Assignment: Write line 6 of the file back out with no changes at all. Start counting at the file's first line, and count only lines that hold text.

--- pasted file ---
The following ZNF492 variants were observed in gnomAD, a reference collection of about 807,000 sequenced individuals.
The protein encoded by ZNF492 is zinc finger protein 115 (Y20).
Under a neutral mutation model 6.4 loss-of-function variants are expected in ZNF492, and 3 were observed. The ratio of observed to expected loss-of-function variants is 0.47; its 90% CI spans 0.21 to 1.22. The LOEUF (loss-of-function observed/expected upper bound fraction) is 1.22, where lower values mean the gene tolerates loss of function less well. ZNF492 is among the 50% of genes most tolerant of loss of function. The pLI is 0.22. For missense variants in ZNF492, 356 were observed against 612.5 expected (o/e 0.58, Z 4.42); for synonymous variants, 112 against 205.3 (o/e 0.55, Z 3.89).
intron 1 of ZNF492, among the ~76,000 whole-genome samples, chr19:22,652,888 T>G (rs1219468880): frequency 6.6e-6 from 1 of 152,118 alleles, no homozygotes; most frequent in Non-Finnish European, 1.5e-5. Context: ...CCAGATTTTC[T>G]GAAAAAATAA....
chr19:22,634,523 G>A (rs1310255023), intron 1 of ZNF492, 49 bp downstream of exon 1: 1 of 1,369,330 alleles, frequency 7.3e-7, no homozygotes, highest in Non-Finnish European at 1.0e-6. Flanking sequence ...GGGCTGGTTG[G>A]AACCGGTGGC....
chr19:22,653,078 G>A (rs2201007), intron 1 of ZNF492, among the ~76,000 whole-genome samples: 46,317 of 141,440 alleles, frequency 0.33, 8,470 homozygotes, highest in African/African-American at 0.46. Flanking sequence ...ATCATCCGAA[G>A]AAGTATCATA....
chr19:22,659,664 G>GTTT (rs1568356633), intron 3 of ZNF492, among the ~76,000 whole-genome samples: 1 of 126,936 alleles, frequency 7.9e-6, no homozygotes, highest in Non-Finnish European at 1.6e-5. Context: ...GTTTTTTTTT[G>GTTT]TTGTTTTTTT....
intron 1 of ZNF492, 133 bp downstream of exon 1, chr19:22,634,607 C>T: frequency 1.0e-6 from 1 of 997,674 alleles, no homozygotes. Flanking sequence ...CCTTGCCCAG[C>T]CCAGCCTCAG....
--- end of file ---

chr19:22,653,078 G>A (rs2201007), intron 1 of ZNF492, among the ~76,000 whole-genome samples: 46,317 of 141,440 alleles, frequency 0.33, 8,470 homozygotes, highest in African/African-American at 0.46. Flanking sequence ...ATCATCCGAA[G>A]AAGTATCATA....